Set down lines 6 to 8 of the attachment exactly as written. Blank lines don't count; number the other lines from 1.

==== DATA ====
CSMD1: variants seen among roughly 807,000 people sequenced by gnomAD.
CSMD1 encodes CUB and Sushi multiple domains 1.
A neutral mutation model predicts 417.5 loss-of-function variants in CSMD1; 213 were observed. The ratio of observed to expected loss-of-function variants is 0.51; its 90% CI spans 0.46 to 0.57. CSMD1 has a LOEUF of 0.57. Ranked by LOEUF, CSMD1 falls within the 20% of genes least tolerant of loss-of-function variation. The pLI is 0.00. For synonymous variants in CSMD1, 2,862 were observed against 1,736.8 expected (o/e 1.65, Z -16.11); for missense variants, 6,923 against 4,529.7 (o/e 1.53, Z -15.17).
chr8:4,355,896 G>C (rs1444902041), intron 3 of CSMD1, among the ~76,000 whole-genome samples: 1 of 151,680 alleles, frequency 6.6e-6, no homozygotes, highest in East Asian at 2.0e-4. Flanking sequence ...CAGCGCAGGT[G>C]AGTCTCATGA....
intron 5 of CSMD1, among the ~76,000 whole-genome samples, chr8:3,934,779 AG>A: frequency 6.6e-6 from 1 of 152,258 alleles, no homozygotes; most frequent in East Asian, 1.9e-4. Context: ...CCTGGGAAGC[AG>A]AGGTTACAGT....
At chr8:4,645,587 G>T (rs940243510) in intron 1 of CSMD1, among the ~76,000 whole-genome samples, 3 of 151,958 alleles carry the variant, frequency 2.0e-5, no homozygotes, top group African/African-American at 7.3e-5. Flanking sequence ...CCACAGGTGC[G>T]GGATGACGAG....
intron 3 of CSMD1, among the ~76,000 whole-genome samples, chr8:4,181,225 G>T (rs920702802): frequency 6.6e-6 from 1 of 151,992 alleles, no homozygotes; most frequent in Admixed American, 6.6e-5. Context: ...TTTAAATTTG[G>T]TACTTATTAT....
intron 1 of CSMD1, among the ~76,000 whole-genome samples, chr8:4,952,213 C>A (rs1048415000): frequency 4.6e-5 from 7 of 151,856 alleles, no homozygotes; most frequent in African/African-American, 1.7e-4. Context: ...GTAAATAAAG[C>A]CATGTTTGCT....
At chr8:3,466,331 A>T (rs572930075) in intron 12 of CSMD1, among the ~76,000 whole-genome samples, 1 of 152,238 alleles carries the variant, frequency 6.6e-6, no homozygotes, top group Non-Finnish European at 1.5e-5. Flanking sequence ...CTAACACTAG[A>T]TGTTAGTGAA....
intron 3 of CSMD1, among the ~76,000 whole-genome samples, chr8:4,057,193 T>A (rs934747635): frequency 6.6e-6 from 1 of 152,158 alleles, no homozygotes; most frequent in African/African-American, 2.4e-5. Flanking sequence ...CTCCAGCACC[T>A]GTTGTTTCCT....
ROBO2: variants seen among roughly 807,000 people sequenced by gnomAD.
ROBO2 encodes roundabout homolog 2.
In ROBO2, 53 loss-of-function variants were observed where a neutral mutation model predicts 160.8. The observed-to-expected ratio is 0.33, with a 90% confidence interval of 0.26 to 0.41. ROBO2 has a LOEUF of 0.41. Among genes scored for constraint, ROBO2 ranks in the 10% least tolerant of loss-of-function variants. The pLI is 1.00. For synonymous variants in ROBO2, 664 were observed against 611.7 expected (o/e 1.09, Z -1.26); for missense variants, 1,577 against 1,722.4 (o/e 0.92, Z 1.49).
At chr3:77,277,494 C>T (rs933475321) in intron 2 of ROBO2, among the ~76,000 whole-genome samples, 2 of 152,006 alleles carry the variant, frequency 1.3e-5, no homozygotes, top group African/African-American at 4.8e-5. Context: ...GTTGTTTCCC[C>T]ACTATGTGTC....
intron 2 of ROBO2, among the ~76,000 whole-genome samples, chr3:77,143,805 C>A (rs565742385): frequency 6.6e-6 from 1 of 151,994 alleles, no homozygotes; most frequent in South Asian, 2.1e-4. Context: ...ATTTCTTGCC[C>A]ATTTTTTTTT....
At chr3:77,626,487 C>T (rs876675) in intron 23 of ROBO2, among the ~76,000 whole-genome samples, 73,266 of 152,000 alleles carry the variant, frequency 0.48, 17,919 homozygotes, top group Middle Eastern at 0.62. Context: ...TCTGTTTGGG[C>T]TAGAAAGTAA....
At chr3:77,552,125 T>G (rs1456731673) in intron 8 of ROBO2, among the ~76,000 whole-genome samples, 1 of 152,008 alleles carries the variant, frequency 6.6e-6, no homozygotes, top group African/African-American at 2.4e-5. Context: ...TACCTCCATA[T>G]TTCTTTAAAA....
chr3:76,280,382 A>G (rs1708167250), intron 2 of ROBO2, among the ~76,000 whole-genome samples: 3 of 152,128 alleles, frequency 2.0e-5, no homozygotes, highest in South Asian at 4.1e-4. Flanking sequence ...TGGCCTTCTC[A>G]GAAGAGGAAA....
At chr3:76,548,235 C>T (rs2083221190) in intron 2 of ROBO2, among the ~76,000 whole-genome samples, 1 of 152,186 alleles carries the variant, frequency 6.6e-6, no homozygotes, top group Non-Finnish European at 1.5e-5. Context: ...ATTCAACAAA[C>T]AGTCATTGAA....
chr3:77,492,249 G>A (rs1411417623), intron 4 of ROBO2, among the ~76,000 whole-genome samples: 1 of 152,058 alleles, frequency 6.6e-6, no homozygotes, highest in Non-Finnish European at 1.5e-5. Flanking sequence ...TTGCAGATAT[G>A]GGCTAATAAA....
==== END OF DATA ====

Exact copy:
At chr8:4,645,587 G>T (rs940243510) in intron 1 of CSMD1, among the ~76,000 whole-genome samples, 3 of 151,958 alleles carry the variant, frequency 2.0e-5, no homozygotes, top group African/African-American at 7.3e-5. Flanking sequence ...CCACAGGTGC[G>T]GGATGACGAG....
intron 3 of CSMD1, among the ~76,000 whole-genome samples, chr8:4,181,225 G>T (rs920702802): frequency 6.6e-6 from 1 of 151,992 alleles, no homozygotes; most frequent in Admixed American, 6.6e-5. Context: ...TTTAAATTTG[G>T]TACTTATTAT....
intron 1 of CSMD1, among the ~76,000 whole-genome samples, chr8:4,952,213 C>A (rs1048415000): frequency 4.6e-5 from 7 of 151,856 alleles, no homozygotes; most frequent in African/African-American, 1.7e-4. Context: ...GTAAATAAAG[C>A]CATGTTTGCT....